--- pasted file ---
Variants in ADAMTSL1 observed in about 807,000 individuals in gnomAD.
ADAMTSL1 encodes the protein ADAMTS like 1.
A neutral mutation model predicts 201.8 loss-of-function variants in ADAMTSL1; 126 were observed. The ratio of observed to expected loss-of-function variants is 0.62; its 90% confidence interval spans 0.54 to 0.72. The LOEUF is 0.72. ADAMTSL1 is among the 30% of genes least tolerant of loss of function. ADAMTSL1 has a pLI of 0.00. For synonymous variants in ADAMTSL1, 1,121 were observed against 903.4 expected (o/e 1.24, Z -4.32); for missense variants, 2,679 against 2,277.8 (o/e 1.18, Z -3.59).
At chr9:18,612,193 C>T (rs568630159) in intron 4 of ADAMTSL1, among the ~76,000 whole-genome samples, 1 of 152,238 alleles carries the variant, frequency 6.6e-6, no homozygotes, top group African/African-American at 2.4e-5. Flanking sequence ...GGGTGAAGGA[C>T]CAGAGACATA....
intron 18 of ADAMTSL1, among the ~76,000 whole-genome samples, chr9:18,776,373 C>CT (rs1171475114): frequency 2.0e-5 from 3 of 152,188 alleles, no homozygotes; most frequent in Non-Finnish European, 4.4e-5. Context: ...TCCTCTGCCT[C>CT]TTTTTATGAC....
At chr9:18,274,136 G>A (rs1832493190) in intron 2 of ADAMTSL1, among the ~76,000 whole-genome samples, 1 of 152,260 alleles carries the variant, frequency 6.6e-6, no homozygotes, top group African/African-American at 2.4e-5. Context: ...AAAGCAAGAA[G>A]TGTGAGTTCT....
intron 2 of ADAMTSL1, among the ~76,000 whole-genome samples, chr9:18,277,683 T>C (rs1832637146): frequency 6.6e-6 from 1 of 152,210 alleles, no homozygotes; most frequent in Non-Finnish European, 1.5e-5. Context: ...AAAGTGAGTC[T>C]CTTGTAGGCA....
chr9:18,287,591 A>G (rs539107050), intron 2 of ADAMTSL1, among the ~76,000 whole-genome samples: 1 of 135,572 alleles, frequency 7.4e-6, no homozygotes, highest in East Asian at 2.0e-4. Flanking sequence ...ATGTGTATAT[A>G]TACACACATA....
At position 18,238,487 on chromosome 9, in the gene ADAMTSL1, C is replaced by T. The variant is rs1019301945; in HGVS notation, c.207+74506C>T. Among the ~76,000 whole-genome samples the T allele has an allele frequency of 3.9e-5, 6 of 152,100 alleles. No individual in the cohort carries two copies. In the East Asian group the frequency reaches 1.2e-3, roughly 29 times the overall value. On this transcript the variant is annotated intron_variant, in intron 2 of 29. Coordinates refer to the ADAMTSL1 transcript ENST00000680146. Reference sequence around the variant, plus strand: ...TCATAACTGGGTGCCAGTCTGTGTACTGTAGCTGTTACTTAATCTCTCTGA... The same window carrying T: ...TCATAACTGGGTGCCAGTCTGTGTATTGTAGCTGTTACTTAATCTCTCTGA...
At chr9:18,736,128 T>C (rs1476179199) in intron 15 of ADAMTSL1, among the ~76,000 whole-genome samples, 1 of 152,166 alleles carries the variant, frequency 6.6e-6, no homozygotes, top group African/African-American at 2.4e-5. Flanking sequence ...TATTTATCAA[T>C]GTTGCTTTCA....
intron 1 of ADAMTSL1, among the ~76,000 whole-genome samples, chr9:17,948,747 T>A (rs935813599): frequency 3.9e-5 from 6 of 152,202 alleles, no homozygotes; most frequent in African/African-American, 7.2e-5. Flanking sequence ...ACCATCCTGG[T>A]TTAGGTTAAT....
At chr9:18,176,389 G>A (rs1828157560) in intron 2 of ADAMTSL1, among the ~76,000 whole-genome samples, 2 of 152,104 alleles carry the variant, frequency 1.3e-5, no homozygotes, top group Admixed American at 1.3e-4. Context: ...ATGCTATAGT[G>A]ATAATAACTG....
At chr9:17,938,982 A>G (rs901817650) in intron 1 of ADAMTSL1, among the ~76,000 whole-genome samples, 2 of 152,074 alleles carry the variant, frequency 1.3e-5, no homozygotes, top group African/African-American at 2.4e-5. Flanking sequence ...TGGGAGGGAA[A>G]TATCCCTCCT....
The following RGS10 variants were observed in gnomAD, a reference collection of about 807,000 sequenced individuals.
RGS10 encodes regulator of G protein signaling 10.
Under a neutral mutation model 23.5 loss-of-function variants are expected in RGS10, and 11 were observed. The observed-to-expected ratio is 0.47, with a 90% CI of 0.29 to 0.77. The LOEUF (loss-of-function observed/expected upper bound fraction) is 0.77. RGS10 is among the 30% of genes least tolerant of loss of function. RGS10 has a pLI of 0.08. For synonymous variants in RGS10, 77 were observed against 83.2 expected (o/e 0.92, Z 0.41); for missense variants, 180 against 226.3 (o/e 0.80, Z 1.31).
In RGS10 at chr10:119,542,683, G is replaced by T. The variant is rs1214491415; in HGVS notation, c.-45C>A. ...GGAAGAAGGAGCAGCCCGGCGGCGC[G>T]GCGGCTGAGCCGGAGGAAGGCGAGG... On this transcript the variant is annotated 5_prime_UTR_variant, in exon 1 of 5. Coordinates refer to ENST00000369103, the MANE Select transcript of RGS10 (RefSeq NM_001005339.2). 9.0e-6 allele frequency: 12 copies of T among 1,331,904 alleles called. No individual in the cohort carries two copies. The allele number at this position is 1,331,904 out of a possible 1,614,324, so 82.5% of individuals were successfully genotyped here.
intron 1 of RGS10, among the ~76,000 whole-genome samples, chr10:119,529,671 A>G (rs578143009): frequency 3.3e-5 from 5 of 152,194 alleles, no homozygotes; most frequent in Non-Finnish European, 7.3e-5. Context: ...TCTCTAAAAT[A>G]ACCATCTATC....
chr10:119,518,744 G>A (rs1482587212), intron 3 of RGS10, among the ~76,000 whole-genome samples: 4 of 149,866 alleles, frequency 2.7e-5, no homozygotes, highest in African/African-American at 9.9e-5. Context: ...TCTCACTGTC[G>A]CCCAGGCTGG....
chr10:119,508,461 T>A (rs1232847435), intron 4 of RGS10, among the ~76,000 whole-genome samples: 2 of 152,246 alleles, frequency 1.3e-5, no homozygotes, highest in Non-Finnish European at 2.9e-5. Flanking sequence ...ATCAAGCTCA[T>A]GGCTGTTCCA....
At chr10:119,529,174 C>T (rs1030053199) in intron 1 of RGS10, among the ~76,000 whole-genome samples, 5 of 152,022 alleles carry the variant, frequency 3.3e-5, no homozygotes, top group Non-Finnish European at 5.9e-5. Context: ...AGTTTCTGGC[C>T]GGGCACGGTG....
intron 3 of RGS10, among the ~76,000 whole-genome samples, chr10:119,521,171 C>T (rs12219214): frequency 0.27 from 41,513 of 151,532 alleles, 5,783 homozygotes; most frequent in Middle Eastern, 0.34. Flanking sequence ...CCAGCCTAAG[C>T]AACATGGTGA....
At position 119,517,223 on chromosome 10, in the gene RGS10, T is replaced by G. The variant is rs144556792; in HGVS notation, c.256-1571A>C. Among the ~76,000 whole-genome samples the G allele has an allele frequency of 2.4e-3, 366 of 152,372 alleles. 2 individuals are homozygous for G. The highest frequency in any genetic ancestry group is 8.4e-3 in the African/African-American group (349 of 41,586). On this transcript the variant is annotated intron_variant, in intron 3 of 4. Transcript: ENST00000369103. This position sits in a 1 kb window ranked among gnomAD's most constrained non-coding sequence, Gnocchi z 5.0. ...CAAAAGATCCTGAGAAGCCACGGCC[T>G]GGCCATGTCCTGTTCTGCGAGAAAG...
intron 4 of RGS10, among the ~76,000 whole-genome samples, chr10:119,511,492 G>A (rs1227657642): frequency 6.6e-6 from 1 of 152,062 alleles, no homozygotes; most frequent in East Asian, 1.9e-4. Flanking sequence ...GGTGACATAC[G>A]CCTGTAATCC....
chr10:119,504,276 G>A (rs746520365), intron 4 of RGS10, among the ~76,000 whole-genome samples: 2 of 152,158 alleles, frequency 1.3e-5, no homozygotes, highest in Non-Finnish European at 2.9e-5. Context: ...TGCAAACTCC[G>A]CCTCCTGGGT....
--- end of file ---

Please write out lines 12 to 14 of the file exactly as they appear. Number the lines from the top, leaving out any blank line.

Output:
At chr9:18,176,389 G>A (rs1828157560) in intron 2 of ADAMTSL1, among the ~76,000 whole-genome samples, 2 of 152,104 alleles carry the variant, frequency 1.3e-5, no homozygotes, top group Admixed American at 1.3e-4. Context: ...ATGCTATAGT[G>A]ATAATAACTG....
At chr9:17,938,982 A>G (rs901817650) in intron 1 of ADAMTSL1, among the ~76,000 whole-genome samples, 2 of 152,074 alleles carry the variant, frequency 1.3e-5, no homozygotes, top group African/African-American at 2.4e-5. Flanking sequence ...TGGGAGGGAA[A>G]TATCCCTCCT....
The following RGS10 variants were observed in gnomAD, a reference collection of about 807,000 sequenced individuals.